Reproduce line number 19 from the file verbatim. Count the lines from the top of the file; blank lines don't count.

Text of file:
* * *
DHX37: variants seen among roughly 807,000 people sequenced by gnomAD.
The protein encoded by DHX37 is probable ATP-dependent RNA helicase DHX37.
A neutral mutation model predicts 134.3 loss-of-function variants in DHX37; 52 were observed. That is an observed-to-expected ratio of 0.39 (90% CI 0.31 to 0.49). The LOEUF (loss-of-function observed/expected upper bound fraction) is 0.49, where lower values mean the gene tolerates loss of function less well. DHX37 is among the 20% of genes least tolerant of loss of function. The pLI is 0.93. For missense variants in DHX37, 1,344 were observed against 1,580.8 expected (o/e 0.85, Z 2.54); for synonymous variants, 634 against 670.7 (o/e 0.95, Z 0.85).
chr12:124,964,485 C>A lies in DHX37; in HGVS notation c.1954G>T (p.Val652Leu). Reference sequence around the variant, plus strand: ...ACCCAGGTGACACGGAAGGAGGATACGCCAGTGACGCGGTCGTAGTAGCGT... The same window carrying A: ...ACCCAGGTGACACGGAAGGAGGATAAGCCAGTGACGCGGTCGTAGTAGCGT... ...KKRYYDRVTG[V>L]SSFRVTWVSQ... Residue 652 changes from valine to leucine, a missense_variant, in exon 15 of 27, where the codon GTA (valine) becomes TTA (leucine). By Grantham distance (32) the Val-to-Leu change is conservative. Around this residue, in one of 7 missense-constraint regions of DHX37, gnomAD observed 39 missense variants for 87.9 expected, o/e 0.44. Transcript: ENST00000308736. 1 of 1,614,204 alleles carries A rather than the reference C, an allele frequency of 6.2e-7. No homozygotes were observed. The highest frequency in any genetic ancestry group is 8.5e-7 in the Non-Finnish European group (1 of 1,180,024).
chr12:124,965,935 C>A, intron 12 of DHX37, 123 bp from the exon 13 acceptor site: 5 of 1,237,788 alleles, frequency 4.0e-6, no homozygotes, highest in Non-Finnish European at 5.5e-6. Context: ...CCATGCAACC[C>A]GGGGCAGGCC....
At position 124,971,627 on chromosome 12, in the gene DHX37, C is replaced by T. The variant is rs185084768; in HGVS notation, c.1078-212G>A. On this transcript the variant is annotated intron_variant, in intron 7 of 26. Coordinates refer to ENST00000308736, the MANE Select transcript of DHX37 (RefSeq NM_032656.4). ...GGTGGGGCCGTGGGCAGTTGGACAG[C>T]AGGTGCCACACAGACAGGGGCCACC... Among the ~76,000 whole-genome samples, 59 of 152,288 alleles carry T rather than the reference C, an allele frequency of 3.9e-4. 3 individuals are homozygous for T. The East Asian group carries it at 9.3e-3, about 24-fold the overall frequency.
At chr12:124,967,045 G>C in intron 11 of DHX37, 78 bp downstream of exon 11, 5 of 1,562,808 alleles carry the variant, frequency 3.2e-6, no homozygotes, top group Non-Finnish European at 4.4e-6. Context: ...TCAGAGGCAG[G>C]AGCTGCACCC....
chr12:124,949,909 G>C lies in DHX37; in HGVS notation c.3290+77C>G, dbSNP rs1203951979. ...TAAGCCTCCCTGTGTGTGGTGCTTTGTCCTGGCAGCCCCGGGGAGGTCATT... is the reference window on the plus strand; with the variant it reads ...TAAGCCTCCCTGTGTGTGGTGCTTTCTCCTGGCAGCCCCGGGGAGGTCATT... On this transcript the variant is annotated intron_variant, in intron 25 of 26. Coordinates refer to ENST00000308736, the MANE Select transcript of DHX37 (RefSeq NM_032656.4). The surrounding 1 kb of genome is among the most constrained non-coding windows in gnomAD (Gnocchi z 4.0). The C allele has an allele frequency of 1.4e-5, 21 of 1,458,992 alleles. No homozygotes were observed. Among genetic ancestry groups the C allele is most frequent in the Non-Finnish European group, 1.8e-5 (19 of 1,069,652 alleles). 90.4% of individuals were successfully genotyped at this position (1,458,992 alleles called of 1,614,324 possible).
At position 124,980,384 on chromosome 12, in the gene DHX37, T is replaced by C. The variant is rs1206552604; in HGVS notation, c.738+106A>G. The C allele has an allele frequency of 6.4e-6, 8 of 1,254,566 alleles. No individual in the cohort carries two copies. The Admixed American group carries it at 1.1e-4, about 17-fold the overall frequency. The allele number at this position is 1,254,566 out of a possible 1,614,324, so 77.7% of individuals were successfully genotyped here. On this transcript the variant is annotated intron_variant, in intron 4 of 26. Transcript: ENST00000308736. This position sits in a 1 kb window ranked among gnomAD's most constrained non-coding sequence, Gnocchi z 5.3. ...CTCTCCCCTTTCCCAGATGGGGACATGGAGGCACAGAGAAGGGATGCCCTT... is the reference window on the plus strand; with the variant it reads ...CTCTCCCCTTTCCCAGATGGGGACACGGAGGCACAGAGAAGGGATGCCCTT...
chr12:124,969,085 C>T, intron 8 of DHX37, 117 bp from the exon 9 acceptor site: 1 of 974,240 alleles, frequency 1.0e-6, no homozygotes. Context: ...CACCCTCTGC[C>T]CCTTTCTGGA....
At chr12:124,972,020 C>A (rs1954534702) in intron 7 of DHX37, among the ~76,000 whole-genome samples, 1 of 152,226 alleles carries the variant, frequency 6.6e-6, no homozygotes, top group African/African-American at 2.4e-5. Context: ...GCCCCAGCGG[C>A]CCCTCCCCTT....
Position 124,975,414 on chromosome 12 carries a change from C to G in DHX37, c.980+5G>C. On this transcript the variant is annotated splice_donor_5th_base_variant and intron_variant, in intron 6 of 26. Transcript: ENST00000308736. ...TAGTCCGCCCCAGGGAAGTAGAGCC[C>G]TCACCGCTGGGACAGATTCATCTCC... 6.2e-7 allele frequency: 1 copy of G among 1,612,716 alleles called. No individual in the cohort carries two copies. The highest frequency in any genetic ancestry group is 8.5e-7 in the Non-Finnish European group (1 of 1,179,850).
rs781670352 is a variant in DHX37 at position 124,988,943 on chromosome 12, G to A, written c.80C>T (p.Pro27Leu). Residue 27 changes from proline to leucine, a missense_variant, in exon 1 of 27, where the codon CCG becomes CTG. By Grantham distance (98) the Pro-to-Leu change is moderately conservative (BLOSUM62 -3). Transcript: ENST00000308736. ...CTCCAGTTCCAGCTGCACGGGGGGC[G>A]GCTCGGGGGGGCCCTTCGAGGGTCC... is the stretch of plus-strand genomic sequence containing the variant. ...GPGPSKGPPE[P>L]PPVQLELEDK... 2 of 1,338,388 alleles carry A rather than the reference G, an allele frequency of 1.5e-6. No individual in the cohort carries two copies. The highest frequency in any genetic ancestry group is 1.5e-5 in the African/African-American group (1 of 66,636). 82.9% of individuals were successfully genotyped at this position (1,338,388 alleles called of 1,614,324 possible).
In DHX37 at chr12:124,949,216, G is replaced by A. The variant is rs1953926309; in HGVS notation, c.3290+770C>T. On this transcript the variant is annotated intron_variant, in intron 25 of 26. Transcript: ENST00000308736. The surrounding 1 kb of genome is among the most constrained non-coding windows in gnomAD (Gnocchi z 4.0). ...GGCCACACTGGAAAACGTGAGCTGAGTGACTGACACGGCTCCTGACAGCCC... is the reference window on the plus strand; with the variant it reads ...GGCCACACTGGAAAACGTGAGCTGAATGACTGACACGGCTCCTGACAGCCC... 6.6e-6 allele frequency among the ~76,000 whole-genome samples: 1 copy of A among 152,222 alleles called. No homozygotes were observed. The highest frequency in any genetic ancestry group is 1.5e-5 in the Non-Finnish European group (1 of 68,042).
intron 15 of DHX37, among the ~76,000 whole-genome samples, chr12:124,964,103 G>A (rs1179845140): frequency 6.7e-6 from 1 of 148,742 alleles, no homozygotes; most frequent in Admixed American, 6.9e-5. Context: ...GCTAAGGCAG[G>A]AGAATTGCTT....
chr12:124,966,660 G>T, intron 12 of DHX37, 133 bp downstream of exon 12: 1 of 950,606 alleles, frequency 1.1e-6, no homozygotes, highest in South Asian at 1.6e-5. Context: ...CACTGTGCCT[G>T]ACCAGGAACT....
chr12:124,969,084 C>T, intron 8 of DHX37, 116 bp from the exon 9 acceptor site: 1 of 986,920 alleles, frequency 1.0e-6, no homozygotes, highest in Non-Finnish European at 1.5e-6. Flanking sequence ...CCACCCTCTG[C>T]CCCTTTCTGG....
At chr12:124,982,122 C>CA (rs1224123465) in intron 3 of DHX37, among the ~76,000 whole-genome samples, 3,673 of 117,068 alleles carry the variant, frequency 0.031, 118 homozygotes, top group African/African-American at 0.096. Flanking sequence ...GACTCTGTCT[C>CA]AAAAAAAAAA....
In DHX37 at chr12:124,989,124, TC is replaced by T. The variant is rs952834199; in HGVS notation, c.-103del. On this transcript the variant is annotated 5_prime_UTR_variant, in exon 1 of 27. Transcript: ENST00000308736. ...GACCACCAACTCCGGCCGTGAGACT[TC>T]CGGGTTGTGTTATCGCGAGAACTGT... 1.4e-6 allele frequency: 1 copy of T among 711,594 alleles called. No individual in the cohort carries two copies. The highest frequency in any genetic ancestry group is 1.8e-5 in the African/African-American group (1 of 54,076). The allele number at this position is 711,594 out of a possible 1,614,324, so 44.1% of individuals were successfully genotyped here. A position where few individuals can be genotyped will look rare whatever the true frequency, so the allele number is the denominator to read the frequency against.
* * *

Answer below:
In DHX37 at chr12:124,989,124, TC is replaced by T. The variant is rs952834199; in HGVS notation, c.-103del. On this transcript the variant is annotated 5_prime_UTR_variant, in exon 1 of 27. Transcript: ENST00000308736. ...GACCACCAACTCCGGCCGTGAGACT[TC>T]CGGGTTGTGTTATCGCGAGAACTGT... 1.4e-6 allele frequency: 1 copy of T among 711,594 alleles called. No individual in the cohort carries two copies. The highest frequency in any genetic ancestry group is 1.8e-5 in the African/African-American group (1 of 54,076). The allele number at this position is 711,594 out of a possible 1,614,324, so 44.1% of individuals were successfully genotyped here. A position where few individuals can be genotyped will look rare whatever the true frequency, so the allele number is the denominator to read the frequency against.